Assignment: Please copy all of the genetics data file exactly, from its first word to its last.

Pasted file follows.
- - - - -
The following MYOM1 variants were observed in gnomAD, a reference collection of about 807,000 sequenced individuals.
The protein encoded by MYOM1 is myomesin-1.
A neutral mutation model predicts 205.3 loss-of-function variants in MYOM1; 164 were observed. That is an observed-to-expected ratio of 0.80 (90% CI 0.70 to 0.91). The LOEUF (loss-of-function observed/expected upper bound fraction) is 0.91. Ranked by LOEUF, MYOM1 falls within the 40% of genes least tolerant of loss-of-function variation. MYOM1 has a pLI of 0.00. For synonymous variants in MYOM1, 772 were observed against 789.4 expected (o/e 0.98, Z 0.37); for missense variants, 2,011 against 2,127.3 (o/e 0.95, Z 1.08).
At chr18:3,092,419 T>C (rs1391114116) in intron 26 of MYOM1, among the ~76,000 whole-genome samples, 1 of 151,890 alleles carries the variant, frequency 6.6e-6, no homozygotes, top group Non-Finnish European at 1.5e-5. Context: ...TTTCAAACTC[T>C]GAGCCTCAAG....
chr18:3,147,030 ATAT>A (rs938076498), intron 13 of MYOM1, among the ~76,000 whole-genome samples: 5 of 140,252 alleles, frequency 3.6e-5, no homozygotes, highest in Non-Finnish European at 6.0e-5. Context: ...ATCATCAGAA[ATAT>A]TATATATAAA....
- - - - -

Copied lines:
The following MYOM1 variants were observed in gnomAD, a reference collection of about 807,000 sequenced individuals.
The protein encoded by MYOM1 is myomesin-1.
A neutral mutation model predicts 205.3 loss-of-function variants in MYOM1; 164 were observed. That is an observed-to-expected ratio of 0.80 (90% CI 0.70 to 0.91). The LOEUF (loss-of-function observed/expected upper bound fraction) is 0.91. Ranked by LOEUF, MYOM1 falls within the 40% of genes least tolerant of loss-of-function variation. MYOM1 has a pLI of 0.00. For synonymous variants in MYOM1, 772 were observed against 789.4 expected (o/e 0.98, Z 0.37); for missense variants, 2,011 against 2,127.3 (o/e 0.95, Z 1.08).
At chr18:3,092,419 T>C (rs1391114116) in intron 26 of MYOM1, among the ~76,000 whole-genome samples, 1 of 151,890 alleles carries the variant, frequency 6.6e-6, no homozygotes, top group Non-Finnish European at 1.5e-5. Context: ...TTTCAAACTC[T>C]GAGCCTCAAG....
chr18:3,147,030 ATAT>A (rs938076498), intron 13 of MYOM1, among the ~76,000 whole-genome samples: 5 of 140,252 alleles, frequency 3.6e-5, no homozygotes, highest in Non-Finnish European at 6.0e-5. Context: ...ATCATCAGAA[ATAT>A]TATATATAAA....